Wine Down With Wine Wisdom: Interview With Lisa Denham (Part 2)

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Part 2:

 

CP3: What can you tell us about the importance of pairing of food?

 

LD: Food and wine pairing is great fun and can dramatically improve the dinning experience.   Wine that perfectly compliments the food can change the ordinary into the extraordinary. 

 

CP3: What are wine ratings and how can they impact wine selection and the wine business?

 

LD: Wine ratings (usually from 1 to 100 points) are one of the few standardized references available to consumers and the trade that can be used for wine purchasing decisions by determining the quality of a wine, that can be compared to other alternatives.  Robert Parker was a pioneer in the wine rating system, later followed by major wine publications, especially in the US and the UK.  Rating wines is very tricky business, requiring the objective classification of a continuously-changing product, subject to the tasters’ interpretations at the moment the wine was tasted.  The wine rating system is one of the only ways to standardize and rate quality, then communicate this to consumers. 

 

Consumers, retailers, distributors, importers and producers depend on this system, which is generally considered to be relatively unbiased due to the high level of professionalism and reputation of the internationally renowned tasters.    

 

CP3: I attended a dinner at a nice restaurant recently and the Wine List was the size of a phone book! How do you narrow down the choices? What things must you consider before making a decision on which wine to have?

 

LD: A wine list the size of a phone book will usually be dealt (with) by a Sommelier.  It is best to take advantage of the Sommelier’s knowledge of the wine list, menu and expertise.  There are several important things to consider when choosing a wine.  One is how much are you willing to spend.  Another is what is everyone else eating?   The general rule is White wine = fish and poultry; Red wine = meat.  Rosé and Sparkling wine can be the most flexible.  Rosé is fresh and unpretentious.  Sparkling is festive with good acidity that is fine as a starter, good to continue with food, and always a perfect finish!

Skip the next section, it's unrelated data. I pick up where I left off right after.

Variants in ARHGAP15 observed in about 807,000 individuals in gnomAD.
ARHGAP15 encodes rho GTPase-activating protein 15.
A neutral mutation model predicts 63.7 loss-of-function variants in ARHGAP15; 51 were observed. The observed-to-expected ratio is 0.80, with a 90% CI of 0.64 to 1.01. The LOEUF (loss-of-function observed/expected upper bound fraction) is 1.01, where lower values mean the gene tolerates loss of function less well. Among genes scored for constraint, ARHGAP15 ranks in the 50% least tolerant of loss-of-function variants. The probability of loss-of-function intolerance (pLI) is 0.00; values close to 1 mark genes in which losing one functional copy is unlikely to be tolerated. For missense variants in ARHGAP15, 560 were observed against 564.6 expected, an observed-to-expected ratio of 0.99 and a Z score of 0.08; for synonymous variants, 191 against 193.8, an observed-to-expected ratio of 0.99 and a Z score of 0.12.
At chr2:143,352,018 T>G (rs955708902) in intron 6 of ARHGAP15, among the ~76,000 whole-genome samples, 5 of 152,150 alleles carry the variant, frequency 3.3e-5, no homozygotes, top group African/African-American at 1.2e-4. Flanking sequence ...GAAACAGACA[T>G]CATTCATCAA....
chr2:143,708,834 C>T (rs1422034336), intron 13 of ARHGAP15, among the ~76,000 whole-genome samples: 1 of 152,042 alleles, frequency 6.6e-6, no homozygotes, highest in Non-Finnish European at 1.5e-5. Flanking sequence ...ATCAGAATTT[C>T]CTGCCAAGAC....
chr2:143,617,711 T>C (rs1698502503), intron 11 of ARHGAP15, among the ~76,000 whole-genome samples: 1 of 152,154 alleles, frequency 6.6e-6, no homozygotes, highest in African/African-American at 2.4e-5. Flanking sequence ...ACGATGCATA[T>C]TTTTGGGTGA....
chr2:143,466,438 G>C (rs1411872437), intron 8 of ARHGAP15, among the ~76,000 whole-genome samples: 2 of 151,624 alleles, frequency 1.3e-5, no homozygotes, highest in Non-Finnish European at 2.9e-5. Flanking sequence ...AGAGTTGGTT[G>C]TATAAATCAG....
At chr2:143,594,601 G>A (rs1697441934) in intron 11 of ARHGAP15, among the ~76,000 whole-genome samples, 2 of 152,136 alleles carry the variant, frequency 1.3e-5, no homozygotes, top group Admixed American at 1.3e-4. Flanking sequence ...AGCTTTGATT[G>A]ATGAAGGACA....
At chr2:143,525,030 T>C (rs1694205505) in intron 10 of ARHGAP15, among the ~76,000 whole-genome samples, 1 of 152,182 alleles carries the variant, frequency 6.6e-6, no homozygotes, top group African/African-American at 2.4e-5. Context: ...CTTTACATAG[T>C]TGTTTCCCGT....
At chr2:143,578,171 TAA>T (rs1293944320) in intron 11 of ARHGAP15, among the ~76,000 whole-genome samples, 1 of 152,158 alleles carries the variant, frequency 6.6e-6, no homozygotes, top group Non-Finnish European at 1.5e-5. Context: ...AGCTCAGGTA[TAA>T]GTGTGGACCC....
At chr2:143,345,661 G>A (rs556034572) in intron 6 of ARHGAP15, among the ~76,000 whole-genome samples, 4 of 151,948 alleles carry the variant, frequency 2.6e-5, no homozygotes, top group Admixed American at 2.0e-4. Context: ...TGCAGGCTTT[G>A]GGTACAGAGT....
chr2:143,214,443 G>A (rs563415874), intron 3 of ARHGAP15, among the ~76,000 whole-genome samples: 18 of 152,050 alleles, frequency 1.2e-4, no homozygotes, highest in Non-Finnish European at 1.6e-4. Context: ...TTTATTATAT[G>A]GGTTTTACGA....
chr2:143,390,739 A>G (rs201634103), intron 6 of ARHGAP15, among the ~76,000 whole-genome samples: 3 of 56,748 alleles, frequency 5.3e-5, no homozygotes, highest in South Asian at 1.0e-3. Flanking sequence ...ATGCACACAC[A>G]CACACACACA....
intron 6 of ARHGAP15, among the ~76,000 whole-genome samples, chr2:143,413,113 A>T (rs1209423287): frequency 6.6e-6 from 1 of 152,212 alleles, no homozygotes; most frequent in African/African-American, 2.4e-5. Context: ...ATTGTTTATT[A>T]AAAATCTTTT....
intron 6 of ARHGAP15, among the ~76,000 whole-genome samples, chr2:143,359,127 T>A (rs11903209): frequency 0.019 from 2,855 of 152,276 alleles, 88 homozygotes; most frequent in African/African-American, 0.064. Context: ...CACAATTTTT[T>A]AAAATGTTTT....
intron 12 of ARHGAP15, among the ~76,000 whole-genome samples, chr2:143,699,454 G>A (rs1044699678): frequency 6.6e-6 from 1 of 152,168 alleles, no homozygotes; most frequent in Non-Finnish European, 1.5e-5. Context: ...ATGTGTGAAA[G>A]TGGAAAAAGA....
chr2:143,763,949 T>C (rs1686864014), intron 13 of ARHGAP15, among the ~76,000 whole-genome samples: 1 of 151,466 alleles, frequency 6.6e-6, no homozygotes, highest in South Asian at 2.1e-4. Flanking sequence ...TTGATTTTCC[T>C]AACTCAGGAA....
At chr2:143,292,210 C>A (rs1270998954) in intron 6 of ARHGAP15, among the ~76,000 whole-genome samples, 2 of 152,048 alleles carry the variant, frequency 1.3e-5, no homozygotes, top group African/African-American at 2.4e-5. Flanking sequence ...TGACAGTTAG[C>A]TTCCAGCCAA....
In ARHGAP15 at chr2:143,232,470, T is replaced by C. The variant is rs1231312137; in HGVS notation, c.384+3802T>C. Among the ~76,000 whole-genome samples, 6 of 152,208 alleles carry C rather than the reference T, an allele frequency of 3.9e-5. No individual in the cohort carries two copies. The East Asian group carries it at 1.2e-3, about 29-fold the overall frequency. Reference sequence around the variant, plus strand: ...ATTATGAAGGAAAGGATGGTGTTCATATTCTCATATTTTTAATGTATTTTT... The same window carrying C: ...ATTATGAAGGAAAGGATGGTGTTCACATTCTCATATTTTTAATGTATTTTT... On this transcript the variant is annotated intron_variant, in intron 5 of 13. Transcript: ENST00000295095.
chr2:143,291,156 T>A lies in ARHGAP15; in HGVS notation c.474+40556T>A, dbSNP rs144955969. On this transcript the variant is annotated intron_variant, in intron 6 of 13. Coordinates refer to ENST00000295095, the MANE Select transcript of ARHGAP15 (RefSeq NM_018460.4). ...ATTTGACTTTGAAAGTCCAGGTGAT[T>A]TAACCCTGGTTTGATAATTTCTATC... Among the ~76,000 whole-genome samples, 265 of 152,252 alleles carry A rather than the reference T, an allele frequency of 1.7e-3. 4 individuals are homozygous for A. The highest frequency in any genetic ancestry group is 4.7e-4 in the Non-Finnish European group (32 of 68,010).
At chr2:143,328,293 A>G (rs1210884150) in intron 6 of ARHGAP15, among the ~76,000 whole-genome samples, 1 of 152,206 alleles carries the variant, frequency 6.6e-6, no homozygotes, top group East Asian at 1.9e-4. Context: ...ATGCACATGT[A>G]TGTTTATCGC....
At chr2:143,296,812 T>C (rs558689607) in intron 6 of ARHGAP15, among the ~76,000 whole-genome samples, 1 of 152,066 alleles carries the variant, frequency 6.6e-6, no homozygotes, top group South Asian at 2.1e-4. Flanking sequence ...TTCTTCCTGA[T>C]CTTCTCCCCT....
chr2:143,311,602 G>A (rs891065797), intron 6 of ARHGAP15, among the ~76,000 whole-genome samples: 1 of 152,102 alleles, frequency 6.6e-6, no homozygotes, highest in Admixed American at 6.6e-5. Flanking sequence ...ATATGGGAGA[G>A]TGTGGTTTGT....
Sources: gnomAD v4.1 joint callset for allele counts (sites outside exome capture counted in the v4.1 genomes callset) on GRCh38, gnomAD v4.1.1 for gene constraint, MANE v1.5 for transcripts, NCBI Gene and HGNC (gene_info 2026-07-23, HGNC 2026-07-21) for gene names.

Often, it is necessary to order a bottle of Red and a bottle of White to satisfy the diverse menú of your fellow diners.  Otherwise, if one person is having fish and everyone else hearty meat dishes, you can order a White wine by-the-glass and a bottle of full-bodied Red. 

 

Large wine lists, usually have a great selection of wines by-the-glass.  It can be great fun to try different options, then compare the results with fellow diners. 

 

Try wines unique to the región that where you are traveling.  If you are dining Chinese, try Chinese wines. 

 

CP3: During dinner conversation that night, a few of the guests shared some interesting stories of several wine tours they took part in. Explain what a wine tour is and how to maximize this experience.

 

LD: Wine tours are great fun!  They can be combined with a culinary tour!

 

CP3: What kinds of careers exist in the wine world? You mentioned the importance of a Strengths Weaknesses Opportunities & Threats (S.W.A.T.) analysis in a recent interview. Tell us about the business skills you’ll also need in order to succeed.

 

LD: A career in the wine world is very attractive to many, albeit hard to achieve due to the specialized knowledge and tasting skills required.  It takes years of tasting to train one´s palette and achieve a decent level of expertise.  The training business skills required depend on which aspect of the business one will pursue:  production, distribution, import-export, retail (stores, internet, hotels, restaurants, catering), etc. 

 

In my business of exporting bulk wine the constant evaluation of the supply chain is essential to determine the cost of wine delivered to the final market and compare this cost between different countries that can supply similar wines to determine which source is the most attractive at any point in time. 

 

CP3: What can someone expect to have to do in order to succeed in the wine industry? (What tips for success, importance of a mentor, what to read, the “heavy lifting” stuff, etc.?)

 

LD: It isn´t easy to get into the wine industry.  It takes years of tasting just to understand the product.  However, the enthusiast has an easier job now than ever.  Stores are full of bottles from every corner of the world, waiting to be discovered.  The internet is bursting with information about every aspect of each of those wines, their makers and their origin.  The fast track into the wine industry is to study as a Sommelier, in the Wine & Spirits Education Trust and/or at my alma-mater, the BEM (Bordeaux Ecole de Management) Wine & Spirits MBA.

 

CP3: Thanks for sharing your expertise in the wine industry Lisa! Cheers!